UNICEF UK advocates for a child rights approach to tackling climate change and social injustice.

Intergenerational justice

The geographical injustice of climate change is well known: those least responsible for the problem, especially in less developed countries, are the most affected by climate change and have the fewest resources to cope with its impacts. But the injustice between generations is less well understood.

Today’s adult generation, through their decisions and lifestyles, will determine the future that later generations inherit. But are we taking this long term responsibility seriously?

The idea of intergenerational responsibility is not yet reflected in climate change policies or debate. The focus remains on the immediate costs of emissions reduction, compared with the immediate benefits of carbon-intensive economic growth. This approach ignores the rights of future generations and the benefits of an early transition to a low-carbon economy, greater energy security, improved air quality and greater health and wellbeing.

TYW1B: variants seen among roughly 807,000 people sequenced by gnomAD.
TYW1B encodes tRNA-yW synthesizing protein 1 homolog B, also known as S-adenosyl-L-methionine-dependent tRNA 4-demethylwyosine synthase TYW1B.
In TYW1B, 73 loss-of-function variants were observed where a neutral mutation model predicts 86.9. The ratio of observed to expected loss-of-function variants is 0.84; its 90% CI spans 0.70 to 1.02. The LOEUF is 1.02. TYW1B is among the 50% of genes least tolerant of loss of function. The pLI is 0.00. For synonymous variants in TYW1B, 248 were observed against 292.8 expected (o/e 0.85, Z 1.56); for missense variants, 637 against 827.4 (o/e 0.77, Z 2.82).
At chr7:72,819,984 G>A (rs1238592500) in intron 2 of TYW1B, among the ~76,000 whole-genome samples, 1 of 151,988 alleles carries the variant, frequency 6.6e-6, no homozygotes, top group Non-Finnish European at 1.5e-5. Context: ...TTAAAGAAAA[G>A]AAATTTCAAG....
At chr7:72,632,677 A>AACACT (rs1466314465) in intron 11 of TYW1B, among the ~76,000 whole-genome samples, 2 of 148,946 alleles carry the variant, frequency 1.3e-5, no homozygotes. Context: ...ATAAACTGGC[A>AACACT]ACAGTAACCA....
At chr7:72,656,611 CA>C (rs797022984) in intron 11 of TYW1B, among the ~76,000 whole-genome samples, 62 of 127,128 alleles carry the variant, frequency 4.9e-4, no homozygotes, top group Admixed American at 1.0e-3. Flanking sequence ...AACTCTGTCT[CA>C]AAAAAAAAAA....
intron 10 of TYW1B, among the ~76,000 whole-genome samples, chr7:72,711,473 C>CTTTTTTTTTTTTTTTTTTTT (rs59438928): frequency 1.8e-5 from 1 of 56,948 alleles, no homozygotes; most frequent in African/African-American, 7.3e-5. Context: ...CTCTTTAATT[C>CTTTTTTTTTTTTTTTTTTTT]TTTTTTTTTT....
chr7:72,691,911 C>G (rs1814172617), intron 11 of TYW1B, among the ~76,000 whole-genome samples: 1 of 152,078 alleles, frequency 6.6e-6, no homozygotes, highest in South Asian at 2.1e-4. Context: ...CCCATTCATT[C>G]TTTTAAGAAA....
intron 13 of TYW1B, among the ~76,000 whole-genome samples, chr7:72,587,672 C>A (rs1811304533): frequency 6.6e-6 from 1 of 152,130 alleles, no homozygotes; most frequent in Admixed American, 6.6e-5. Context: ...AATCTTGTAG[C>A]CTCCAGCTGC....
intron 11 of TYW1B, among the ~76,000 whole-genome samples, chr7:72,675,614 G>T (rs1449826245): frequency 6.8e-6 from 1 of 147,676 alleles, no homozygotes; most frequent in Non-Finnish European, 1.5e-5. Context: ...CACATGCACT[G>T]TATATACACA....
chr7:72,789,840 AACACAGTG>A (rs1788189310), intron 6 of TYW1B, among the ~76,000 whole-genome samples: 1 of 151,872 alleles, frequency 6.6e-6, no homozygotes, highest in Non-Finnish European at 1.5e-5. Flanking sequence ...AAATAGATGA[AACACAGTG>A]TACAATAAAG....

Child rights approach

A child rights approach to climate change would take intergenerational justice into account and radically transform the policies and commitments of those in power. This approach urgently needs to be implemented by governments and civil society actors shaping the response to climate change.

 

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